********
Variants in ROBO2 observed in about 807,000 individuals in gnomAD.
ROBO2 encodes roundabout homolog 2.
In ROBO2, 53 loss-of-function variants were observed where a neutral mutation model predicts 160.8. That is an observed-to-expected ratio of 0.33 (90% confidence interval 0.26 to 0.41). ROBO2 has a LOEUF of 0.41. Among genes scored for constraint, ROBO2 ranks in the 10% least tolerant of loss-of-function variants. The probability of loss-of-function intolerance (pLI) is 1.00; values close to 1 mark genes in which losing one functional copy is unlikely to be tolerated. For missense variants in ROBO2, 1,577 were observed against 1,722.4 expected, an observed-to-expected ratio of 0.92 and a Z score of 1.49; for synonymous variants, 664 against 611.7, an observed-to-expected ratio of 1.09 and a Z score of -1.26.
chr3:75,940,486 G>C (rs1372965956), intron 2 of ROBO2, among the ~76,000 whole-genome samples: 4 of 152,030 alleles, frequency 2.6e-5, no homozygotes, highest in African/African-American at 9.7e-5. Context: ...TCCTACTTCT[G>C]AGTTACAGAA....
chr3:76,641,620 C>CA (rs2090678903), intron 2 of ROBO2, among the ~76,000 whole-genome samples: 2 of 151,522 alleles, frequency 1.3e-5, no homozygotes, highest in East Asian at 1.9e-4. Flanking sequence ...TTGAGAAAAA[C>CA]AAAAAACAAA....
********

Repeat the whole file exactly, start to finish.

Variants in ROBO2 observed in about 807,000 individuals in gnomAD.
ROBO2 encodes roundabout homolog 2.
In ROBO2, 53 loss-of-function variants were observed where a neutral mutation model predicts 160.8. That is an observed-to-expected ratio of 0.33 (90% confidence interval 0.26 to 0.41). ROBO2 has a LOEUF of 0.41. Among genes scored for constraint, ROBO2 ranks in the 10% least tolerant of loss-of-function variants. The probability of loss-of-function intolerance (pLI) is 1.00; values close to 1 mark genes in which losing one functional copy is unlikely to be tolerated. For missense variants in ROBO2, 1,577 were observed against 1,722.4 expected, an observed-to-expected ratio of 0.92 and a Z score of 1.49; for synonymous variants, 664 against 611.7, an observed-to-expected ratio of 1.09 and a Z score of -1.26.
chr3:75,940,486 G>C (rs1372965956), intron 2 of ROBO2, among the ~76,000 whole-genome samples: 4 of 152,030 alleles, frequency 2.6e-5, no homozygotes, highest in African/African-American at 9.7e-5. Context: ...TCCTACTTCT[G>C]AGTTACAGAA....
chr3:76,641,620 C>CA (rs2090678903), intron 2 of ROBO2, among the ~76,000 whole-genome samples: 2 of 151,522 alleles, frequency 1.3e-5, no homozygotes, highest in East Asian at 1.9e-4. Flanking sequence ...TTGAGAAAAA[C>CA]AAAAAACAAA....